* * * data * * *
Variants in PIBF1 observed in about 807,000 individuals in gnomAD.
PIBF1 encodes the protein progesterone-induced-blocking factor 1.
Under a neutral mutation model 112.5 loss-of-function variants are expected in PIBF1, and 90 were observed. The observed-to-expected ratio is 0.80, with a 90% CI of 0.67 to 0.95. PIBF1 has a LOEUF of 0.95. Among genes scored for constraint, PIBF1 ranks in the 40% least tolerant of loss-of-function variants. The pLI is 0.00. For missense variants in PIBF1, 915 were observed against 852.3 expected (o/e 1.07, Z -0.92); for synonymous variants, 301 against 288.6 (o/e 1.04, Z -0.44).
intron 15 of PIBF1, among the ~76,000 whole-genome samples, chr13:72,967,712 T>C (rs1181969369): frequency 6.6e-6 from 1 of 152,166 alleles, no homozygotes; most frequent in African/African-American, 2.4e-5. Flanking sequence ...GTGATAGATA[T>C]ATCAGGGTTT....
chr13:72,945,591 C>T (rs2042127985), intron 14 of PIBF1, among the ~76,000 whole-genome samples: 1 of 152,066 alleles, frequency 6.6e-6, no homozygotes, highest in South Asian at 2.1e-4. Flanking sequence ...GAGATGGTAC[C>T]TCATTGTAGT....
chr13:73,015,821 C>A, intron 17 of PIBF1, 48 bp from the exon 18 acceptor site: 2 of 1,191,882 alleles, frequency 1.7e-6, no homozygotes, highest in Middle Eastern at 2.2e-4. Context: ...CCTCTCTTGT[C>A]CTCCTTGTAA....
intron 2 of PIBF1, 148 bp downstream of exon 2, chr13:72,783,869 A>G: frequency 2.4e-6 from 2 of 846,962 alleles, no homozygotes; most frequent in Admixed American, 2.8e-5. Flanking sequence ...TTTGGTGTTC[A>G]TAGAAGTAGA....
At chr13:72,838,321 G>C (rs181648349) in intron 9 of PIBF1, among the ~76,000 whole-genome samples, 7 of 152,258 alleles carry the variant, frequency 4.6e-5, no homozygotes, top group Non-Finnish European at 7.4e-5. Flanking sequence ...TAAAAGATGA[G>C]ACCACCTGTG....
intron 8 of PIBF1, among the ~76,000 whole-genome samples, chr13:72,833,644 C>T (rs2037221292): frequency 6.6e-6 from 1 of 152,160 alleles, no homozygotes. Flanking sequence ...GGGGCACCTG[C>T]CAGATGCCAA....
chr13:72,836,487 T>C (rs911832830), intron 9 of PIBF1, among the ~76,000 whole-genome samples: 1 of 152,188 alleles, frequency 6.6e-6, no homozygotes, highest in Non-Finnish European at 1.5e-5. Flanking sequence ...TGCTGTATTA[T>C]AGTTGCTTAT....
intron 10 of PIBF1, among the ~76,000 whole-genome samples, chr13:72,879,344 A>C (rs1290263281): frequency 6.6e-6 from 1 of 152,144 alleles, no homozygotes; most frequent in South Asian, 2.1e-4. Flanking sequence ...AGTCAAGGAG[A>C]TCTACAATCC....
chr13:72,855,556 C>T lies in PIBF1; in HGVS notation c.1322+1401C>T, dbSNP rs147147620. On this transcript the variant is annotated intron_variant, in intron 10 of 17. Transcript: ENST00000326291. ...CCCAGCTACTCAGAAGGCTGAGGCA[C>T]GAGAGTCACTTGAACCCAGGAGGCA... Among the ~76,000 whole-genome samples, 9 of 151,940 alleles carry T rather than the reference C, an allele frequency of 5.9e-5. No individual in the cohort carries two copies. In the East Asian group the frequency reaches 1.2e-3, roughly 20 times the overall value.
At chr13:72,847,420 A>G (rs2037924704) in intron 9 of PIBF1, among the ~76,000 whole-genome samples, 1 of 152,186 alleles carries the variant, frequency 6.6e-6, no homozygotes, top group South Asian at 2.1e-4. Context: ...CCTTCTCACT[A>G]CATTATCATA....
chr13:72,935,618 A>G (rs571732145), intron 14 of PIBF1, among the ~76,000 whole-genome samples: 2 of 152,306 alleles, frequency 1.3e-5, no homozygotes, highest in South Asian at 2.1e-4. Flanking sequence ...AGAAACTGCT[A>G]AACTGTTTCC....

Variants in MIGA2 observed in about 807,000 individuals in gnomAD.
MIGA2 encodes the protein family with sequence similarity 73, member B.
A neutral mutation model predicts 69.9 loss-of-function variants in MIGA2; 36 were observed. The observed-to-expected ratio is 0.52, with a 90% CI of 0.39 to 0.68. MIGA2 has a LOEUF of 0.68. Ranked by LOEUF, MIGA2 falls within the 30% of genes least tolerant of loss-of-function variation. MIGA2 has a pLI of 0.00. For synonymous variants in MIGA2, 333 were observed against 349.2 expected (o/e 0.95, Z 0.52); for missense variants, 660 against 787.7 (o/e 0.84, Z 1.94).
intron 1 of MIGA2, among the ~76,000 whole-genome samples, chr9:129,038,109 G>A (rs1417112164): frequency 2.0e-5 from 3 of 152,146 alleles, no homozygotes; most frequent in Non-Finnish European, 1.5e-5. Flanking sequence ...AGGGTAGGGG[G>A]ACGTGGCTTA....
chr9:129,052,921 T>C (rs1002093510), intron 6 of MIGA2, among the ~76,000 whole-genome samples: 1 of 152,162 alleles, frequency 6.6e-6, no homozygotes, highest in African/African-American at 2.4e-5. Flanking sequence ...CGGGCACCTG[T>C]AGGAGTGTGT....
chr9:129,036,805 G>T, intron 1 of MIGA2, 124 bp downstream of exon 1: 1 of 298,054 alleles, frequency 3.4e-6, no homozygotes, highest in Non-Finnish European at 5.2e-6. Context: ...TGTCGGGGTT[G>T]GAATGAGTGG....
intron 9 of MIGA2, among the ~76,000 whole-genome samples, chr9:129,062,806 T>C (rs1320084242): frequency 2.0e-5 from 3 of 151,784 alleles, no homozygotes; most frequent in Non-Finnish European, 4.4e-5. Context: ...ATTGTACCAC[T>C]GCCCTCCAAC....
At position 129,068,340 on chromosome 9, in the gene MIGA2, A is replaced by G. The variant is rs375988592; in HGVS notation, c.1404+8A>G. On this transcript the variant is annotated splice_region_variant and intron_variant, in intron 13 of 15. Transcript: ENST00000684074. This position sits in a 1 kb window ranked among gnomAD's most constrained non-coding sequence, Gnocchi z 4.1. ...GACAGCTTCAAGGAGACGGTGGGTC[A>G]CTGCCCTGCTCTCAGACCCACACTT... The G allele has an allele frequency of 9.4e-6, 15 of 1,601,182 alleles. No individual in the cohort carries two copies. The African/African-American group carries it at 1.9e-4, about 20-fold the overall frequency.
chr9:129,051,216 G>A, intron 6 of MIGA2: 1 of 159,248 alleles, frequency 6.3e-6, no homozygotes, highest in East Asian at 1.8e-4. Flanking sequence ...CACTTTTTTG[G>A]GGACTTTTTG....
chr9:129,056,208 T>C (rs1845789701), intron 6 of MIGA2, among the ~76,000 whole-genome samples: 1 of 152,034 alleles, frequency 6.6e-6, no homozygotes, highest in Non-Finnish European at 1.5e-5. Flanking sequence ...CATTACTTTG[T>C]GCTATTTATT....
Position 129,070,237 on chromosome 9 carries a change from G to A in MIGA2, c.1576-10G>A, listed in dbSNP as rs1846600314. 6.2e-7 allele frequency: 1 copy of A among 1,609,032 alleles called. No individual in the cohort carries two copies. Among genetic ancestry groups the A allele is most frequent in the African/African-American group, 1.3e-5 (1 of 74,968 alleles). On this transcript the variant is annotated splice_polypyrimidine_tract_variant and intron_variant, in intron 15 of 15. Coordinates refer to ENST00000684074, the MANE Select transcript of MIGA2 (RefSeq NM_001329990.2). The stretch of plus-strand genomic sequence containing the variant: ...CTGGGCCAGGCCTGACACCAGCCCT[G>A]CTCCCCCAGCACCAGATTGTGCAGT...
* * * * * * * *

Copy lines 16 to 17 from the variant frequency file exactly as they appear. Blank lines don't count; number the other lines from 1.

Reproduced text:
MIGA2 encodes the protein family with sequence similarity 73, member B.
A neutral mutation model predicts 69.9 loss-of-function variants in MIGA2; 36 were observed. The observed-to-expected ratio is 0.52, with a 90% CI of 0.39 to 0.68. MIGA2 has a LOEUF of 0.68. Ranked by LOEUF, MIGA2 falls within the 30% of genes least tolerant of loss-of-function variation. MIGA2 has a pLI of 0.00. For synonymous variants in MIGA2, 333 were observed against 349.2 expected (o/e 0.95, Z 0.52); for missense variants, 660 against 787.7 (o/e 0.84, Z 1.94).